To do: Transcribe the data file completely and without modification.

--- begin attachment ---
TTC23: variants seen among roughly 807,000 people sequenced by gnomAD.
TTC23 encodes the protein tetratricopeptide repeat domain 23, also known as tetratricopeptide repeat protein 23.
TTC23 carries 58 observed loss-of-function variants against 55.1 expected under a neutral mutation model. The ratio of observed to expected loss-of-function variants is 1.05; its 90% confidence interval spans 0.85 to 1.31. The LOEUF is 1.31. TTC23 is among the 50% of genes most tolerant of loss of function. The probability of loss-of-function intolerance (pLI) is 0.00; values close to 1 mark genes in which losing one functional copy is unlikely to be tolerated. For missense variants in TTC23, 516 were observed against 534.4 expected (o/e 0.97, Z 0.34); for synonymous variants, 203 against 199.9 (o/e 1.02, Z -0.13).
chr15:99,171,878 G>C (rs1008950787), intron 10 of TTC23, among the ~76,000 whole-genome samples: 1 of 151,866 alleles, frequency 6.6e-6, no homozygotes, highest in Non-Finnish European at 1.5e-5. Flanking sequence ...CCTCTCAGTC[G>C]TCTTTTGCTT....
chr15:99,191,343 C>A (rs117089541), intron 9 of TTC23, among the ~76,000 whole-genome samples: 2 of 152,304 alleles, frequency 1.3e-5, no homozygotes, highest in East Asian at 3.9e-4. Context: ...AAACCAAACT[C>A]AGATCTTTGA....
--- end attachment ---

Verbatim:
TTC23: variants seen among roughly 807,000 people sequenced by gnomAD.
TTC23 encodes the protein tetratricopeptide repeat domain 23, also known as tetratricopeptide repeat protein 23.
TTC23 carries 58 observed loss-of-function variants against 55.1 expected under a neutral mutation model. The ratio of observed to expected loss-of-function variants is 1.05; its 90% confidence interval spans 0.85 to 1.31. The LOEUF is 1.31. TTC23 is among the 50% of genes most tolerant of loss of function. The probability of loss-of-function intolerance (pLI) is 0.00; values close to 1 mark genes in which losing one functional copy is unlikely to be tolerated. For missense variants in TTC23, 516 were observed against 534.4 expected (o/e 0.97, Z 0.34); for synonymous variants, 203 against 199.9 (o/e 1.02, Z -0.13).
chr15:99,171,878 G>C (rs1008950787), intron 10 of TTC23, among the ~76,000 whole-genome samples: 1 of 151,866 alleles, frequency 6.6e-6, no homozygotes, highest in Non-Finnish European at 1.5e-5. Flanking sequence ...CCTCTCAGTC[G>C]TCTTTTGCTT....
chr15:99,191,343 C>A (rs117089541), intron 9 of TTC23, among the ~76,000 whole-genome samples: 2 of 152,304 alleles, frequency 1.3e-5, no homozygotes, highest in East Asian at 3.9e-4. Context: ...AAACCAAACT[C>A]AGATCTTTGA....